Midweek Movie Review: Skyfall

Bond is back, and in top form in Skyfall. Although not quite reaching the consistently gratifying levels of 2006’s Casino Royale, Daniel Craig’s third outing as British secret agent James Bond is leagues ahead of disjointed previous effort, Quantum of Solace. Coherent action scenes. A fun villain. An intensified focus on character. And the most stunning cinematography of any Bond film. All of these make the twenty-third official 007 flick well worth watching on the big screen.


Plot-wise, Skyfall avoids the brain-straining twists and betrayals of so many other espionage actioners. Things are kept simple and individual focused. A cyberterrorist has acquired a list of undercover agent names and is gradually revealing them on YouTube. The thing is, his actions seem driven less by a desire for political destabilisation, and more about the public disgrace of veteran MI6 head M (Judi Dench). Still shaken by a near fatal mission, Bond accepts the task of tracking down the mastermind, named Raoul Silva (Javier Bardem).

Directed by Sam Mendes, Skyfall delivers the Bond formula essentials (for the most part, anyway) – real-life stunt work, exotic locations, a glamorous party and sexy Bond girls. But, and this is a major warning, Skyfall is Ian Fleming’s iconic spy as seen through a Christopher Nolan filter. Anyone expecting the breezy, smirking escapism of say,  Pierce Brosnan’s previous 1990s Era Bond will be disappointed. Instead of luxury car chases and gadgetry, it’s all about on-foot pursuit and close quarters combat with improvised use of the environment. Instead of wisecracks, dialogue foreshadows events and highlights themes.


In particular, Skyfall has a lot to say about letting go of the past and starting fresh. It’s no coincidence that in the film the authorities are sniffing around for M’s successor, and MI6 now employs fresh-faced agents like Eve (Naomie Harris) and quartermaster Q (Ben Whishaw).

Although I could have done with fewer speeches that blatantly underline the film’s themes, Skyfall is the most strikingly artistic Bond film ever made. Three days after watching the film, specific moments are still burnt into my mind – a crunching initial pursuit through Turkey, an unedited, gloriously coherent fist fight shot entirely in silhouette, a lantern-lit entrance to a luxurious Macau casino, an underwater battle... Skyfall is stuffed with rich colours and breathtaking visual beauty.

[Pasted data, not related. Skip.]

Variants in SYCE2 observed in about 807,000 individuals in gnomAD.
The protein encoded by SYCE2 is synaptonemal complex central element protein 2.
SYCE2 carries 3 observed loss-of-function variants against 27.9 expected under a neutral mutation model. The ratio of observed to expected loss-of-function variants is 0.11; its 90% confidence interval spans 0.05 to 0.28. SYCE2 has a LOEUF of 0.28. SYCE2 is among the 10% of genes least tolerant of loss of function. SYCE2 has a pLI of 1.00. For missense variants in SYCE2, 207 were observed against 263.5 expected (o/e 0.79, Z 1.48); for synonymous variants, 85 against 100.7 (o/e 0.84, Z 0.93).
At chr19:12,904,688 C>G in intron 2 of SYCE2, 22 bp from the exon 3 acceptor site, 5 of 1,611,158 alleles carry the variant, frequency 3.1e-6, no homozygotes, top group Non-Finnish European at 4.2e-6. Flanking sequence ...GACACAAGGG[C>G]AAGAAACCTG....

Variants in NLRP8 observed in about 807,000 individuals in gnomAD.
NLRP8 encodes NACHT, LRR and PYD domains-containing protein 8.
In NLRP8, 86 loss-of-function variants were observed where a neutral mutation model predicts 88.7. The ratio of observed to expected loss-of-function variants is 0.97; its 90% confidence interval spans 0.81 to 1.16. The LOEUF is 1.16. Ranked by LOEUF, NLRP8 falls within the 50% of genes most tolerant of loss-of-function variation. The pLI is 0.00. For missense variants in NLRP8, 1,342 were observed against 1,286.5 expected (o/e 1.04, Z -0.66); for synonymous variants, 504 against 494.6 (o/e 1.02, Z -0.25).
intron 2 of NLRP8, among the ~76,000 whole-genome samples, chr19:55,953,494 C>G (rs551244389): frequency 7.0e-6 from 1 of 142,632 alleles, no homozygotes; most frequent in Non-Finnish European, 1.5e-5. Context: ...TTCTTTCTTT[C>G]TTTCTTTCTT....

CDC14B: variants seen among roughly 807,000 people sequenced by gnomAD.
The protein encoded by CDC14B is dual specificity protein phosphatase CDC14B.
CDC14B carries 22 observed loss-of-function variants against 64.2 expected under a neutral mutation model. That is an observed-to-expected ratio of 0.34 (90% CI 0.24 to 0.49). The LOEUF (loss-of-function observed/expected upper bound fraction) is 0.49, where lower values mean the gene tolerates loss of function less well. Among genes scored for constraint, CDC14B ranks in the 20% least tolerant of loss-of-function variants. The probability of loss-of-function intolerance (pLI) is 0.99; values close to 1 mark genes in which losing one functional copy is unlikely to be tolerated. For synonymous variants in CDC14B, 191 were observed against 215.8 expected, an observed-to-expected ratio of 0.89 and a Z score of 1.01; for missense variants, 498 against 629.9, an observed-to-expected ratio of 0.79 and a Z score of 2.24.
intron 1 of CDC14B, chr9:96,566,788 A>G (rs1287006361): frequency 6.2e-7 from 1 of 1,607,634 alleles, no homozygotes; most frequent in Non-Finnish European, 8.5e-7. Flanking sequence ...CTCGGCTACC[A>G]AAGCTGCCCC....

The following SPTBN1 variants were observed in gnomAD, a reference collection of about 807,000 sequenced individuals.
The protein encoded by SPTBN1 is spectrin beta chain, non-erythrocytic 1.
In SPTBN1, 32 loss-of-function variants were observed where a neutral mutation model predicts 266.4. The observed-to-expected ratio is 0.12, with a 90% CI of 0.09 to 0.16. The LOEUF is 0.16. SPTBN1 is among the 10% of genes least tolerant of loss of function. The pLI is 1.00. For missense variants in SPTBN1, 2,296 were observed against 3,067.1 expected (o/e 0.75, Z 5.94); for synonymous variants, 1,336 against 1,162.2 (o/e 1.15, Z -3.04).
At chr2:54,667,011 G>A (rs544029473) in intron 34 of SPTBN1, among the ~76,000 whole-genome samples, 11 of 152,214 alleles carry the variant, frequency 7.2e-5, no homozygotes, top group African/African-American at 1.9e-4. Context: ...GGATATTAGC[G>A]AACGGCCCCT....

In terms of performances, Skyfall is a breath of fresh air. Craig isn’t the bullet-proof Bond of old. He’s still incredibly resourceful, but this a weakened Bond – physically and mentally – experiencing a crisis of confidence. And given the amount of time he spends bare-chested, he’s also the most sexualised of the Bonds, with more skin on display than any of the Bond girls in the film. Speaking of which, Harris is likeable as vivacious, take-no-prisoners Eve, and Berenice Marlohe’s sultry but anxious Severine is a lot more interesting than the bog standard Bond femme fatale. Pity she is underused, with Dench receiving the most screen time, as the film’s most important female character by far.

As for Bardem, although his schemes are unusually unambitious for a Bond film, he actually the most old school-style Bond villain we’ve seen in a while – flamboyant, mentally unstable and utterly confident. His unhinged brashness provides a good deal of the chuckles in Skyfall.


If there are any complaints to be made about Skyfall, it’s that the film doesn’t consistently feel like a James Bond movie. Perhaps only fans will care (and I number among them) but something of the franchise’s distinctiveness is lost with the move away from unusual settings to the more mundane, domestic and familiar. The tube chase is excellent but Skyfall’s UK-set last few Acts comes across like the a blending of Silence of the Lambs, Straw Dogs, Home Alone, Die Hard and a hundred other urban-set action movies. And although the film’s final few scenes are appropriate given everything that has preceded it, I personally don’t want to see the Bond series morph into something like, say, Mission: Impossible or 24, where the squad behind the loner hero becomes more of a focus.

Regardless, Skyfall is an excellent end of year blockbuster, mixing action and intelligence. It’s polished and ambitious, making up for the misstep of Quantum of Solace. Now let’s just hope that moving forward the series can maintain its identity, even with its more realistic approach.

4 stars out of 5.

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